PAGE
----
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Thai election body urges 'indefinite' delay of early vote

Thailand's election commission urged the government on Thursday to postpone an early vote set for February 2 indefinitely after a policeman was killed and dozens of people were injured in clashes between security forces and opposition protesters.


Police fired tear gas and rubber bullets to stop demonstrators from forcing their way into a Bangkok sports stadium, where representatives of some 30 political parties gathered Wednesday to register for early elections set for February 2.

"We cannot organise free and fair elections under the constitution in the current circumstances," said election commission member Prawit Rattanapien.

A police officer was shot and killed and at least 60 people were injured in the unrest, according to the Police General Hospital in Bangkok.

Several election commissioners were airlifted from the stadium by helicopter while other officials and party representatives as well as journalists remained trapped inside.

More than a month of mostly peaceful demonstrations have so far left six people dead and hundreds more wounded.

In the hours following Wednesday’s confrontation, the election commission called a news conference to say that the polls should be delayed indefinitely due to continuing unrest.

But the government of Prime Minister Yingluck Shinawatra said the vote would take place as planned despite the latest violence.

"The February 2 election will go ahead," deputy premier Pongthep Thepkanchana said in a televised address. "There is no law allowing the government to delay the election."

The prime minister continues to face mass street protests by those seeking to bring an end to her reign and her family's political influence.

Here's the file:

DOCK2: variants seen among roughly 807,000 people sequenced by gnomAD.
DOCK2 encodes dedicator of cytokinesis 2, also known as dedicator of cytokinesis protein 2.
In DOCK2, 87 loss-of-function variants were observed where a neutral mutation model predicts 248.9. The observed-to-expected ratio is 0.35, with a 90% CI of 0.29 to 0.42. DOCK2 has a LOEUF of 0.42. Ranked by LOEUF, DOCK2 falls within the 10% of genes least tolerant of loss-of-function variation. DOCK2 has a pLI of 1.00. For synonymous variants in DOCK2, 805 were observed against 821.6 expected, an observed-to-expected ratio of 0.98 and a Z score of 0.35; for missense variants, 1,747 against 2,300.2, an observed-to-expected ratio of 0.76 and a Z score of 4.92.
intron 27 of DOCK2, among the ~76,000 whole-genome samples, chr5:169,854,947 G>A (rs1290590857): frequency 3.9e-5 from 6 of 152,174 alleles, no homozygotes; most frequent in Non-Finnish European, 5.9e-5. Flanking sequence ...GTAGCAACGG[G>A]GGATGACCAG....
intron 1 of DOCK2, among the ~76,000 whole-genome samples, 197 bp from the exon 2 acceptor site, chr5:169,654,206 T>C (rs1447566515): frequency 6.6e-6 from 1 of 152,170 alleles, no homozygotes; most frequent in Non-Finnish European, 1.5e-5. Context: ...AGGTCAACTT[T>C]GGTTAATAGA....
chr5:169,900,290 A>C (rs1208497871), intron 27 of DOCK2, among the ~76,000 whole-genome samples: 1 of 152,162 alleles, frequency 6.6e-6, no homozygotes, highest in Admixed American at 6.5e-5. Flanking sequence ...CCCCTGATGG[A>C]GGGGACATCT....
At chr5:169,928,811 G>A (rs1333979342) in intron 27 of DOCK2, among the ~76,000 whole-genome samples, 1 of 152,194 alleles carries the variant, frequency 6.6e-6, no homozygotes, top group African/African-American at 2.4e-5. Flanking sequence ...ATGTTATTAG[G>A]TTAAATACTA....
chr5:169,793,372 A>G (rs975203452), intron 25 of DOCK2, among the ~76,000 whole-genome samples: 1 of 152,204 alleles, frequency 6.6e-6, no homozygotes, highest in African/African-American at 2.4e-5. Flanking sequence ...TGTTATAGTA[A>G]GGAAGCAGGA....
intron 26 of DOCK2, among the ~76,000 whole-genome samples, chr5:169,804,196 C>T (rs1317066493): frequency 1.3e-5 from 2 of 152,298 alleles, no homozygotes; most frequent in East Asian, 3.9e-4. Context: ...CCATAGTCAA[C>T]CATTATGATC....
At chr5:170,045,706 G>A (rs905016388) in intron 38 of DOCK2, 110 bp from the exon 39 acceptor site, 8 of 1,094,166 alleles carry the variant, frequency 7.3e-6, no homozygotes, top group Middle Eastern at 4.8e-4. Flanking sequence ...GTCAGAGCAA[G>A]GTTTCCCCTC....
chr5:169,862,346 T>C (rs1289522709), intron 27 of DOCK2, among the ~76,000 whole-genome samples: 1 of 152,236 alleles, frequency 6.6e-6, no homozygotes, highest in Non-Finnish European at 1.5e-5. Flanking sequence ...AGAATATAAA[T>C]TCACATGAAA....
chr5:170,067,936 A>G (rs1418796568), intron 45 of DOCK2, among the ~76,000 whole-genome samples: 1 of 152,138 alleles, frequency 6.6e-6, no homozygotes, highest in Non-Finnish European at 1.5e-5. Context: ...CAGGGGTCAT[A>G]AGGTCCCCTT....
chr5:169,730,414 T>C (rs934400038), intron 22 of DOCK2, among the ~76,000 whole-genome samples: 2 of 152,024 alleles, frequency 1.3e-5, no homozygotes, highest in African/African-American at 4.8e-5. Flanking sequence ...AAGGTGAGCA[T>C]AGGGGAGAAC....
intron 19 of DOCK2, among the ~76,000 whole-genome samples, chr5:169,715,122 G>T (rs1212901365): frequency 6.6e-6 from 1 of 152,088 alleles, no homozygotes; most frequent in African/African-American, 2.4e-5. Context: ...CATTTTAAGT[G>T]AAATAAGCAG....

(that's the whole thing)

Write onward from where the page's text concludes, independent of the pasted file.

The opposition has called for an unelected "people's council" to take power and oversee constitutional changes to reform the electoral process before a fresh vote is held.

Accusations of vote-buying

Yingluck's older brother, Thaksin Shinawatra, was ousted as premier in a 2006 military coup and now lives in Dubai to avoid serving a two-year sentence on corruption charges. Thailand's Supreme Court convicted him in absentia in 2008 after finding that he violated conflict of interest rules by helping his wife buy land at a reduced price from a government agency.

Thaksin's supporters, located mainly in the more rural north and northeast of the country, see him as a wealthy patron who is committed to raising living standards with populist policies that have included offering affordable health care and inexpensive personal loans.

But his critics, many hailing from Thailand’s middle class and its elites, say he is a corrupt crony capitalist who abused power by enriching his wealthy friends and relatives while bleeding Thailand dry.

Demonstrators believe the telecommunications billionaire remains the real power behind his sister's government and that he continues to dominate Thailand's power structure through fraud.

Pro-Thaksin parties have won every election since 2001, most recently with his sister’s landslide victory two years ago.

Protesters accuse the Shinawatra family of buying votes and transporting their “red shirt” supporters to voting stations by the truckload.

Thaksin's people offer 500 baht (about €11) to each voter, one protester told FRANCE 24. They pick them up in trucks, give them 200 baht and take them to the polling station. After they have voted they receive the other 300 baht, she said.

The opposition says that as long as this practice continues to be widespread, a new round of elections cannot be the solution to the country’s political crisis.

'Reform before election'

Demonstrators, some of whom carry placards reading “Reform before election”, have vowed to keep up their campaign to disrupt the February polls.

Protest leader Suthep Thaugsuban, a longtime politician and former deputy premier, has threatened to "shut down the country" to prevent people from voting.

The main opposition Democrat Party has already vowed to boycott the vote.

In a latest bid to placate the demonstrators, Yingluck on Wednesday proposed the creation of a "national reform council" made up of hundreds of representatives to recommend constitutional amendments, economic and legal reforms, as well as new anti-corruption measures.

But protesters quickly rejected the idea, urging her once again to step down.

(FRANCE 24 with AFP)


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